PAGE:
U.S. counterterrorism authorities are growing increasingly concerned about the activities of the student branch of a banned Pakistani militant organization that's seen as a threat to regional and U.S. interests.
The State Department this week announced it was adding the student wing of Lashkar-e-Taiba (LeT) to its list of foreign terrorist organizations.
The move against the student group, Al-Muhammadia Students (AMS), came as the U.S. Treasury Department added two LeT leaders to the U.S. list of specially designated global terrorists, subjecting them to sanctions that bar Americans from doing business with them.
"AMS is a subsidiary of LeT and has worked with LeT senior leaders to organize recruiting courses and other activities for youth," the State Department said in a statement.
LeT, or the Army of the Pure, is one of the largest and most virulent anti-India terrorist groups in Pakistan. It has been accused of orchestrating numerous attacks, including a 2008 assault in India's Mumbai that killed 166 people, including six U.S. citizens.
Operates through fronts
The U.S. designated LeT as a foreign terrorist organization in December 2001. It has repeatedly changed its name and continued operating through front organizations. After the U.S. designation, LeT changed its name to Jamaat-ud-Dawa (JUD) and began humanitarian projects in an attempt to circumvent restrictions from sanctions.
A predominantly Punjab-based group, LeT was formed in the late 1980s and has conducted operations against Indian troops and civilian targets in Kashmir, several high-profile attacks inside India, and operations against Western coalition forces in Afghanistan, according to a State Department report.
LeT's student wing and its several charitable organizations are trying to mask its terror activities by posing as reputable aid groups, according to Pakistani analysts. They provide emergency and humanitarian assistance during natural disasters.
"They are attempting to create a parallel system to the civil society by replacing NGOs, human rights groups and humanitarian organizations in Pakistan," Karachi-based journalist Ali Arqam, who covers security affairs, told VOA.
Militant organizations like LeT have an active presence in educational institutions across Pakistan as they seek to influence street politics by recruiting youths into their ranks.
Groups like LeT's student wing recruit new members and distribute literature at universities, and their student organizations hold regular meetings and discuss their on-campus activities. They often organize rallies and sit-ins.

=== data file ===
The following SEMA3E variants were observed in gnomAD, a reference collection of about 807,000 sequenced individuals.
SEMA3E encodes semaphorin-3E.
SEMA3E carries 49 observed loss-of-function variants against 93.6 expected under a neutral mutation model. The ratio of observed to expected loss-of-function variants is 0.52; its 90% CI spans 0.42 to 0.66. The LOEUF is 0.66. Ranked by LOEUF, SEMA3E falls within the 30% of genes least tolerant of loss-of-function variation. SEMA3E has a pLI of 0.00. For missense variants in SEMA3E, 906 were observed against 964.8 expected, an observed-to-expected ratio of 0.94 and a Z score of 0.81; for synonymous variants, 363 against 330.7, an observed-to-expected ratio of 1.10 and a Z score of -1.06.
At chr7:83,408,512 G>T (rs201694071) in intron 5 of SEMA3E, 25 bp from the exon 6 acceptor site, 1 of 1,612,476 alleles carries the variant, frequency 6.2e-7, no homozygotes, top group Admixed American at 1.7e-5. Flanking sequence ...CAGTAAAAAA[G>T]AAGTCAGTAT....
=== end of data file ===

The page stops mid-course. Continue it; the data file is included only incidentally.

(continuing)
"Just recently, [LeT's student wing] had a large gathering at a university in Jamshoro," Arqam said.
As militant groups continue to flourish in Pakistan, the government is facing threats of increasing diplomatic isolation from some U.S. lawmakers over its inability to curb homegrown militancy and the threat it poses to its neighbors.
And experts say the U.S. move on the student wing indicates that it remains concerned about the continued presence of extremist groups in Pakistan that threaten the stability of the region and beyond.
"The U.S. decision to designate a wing of LeT as a foreign terrorist organization is meant to put more pressure on Pakistan to take action against this group," said Michael Kugelman, a South Asia specialist at the Woodrow Wilson Center in Washington.
"Washington has frequently pushed Pakistan to do more to bring LeT suspects to justice, and this has a lot to do with the fact that Americans have been directly targeted by the group," he said, referring to the six Americans killed in the Mumbai attack.
Analysts say the U.S. move may push Pakistan to act more aggressively against terrorist organizations.
"The decision is significant in a way that the U.S. wants to increase pressure on Pakistan, and especially when Donald Trump takes over as president, he will increase the pressure more to act against such organizations," Pakistan-based security affairs Hassan Askari told VOA's Deewa service.
Dismissed as theater
Pakistan accuses U.S. lawmakers of diplomatic theater, saying the harsh anti-Pakistani rhetoric belies that government's efforts to root out extremism. Pakistani officials also say thousands of Pakistani lives have been lost in terror attacks.
But Islamabad's counterterrorism measures have widely been criticized by many Pakistani politicians who say the government has failed to formulate a counternarrative to extremism and terrorism.
"Among the range of legislative and administrative measures aimed at curbing terrorism, only the creation of military courts was fully implemented," veteran Pashtun politician Afrasiab Khattak said in an opinion piece for Radio Free Europe.
"Reforms in religious schools, preventing banned organizations from opening shops under new names, mainstreaming the northeastern tribal areas, and security sweeps against militants in the eastern province of Punjab were put on the back burner."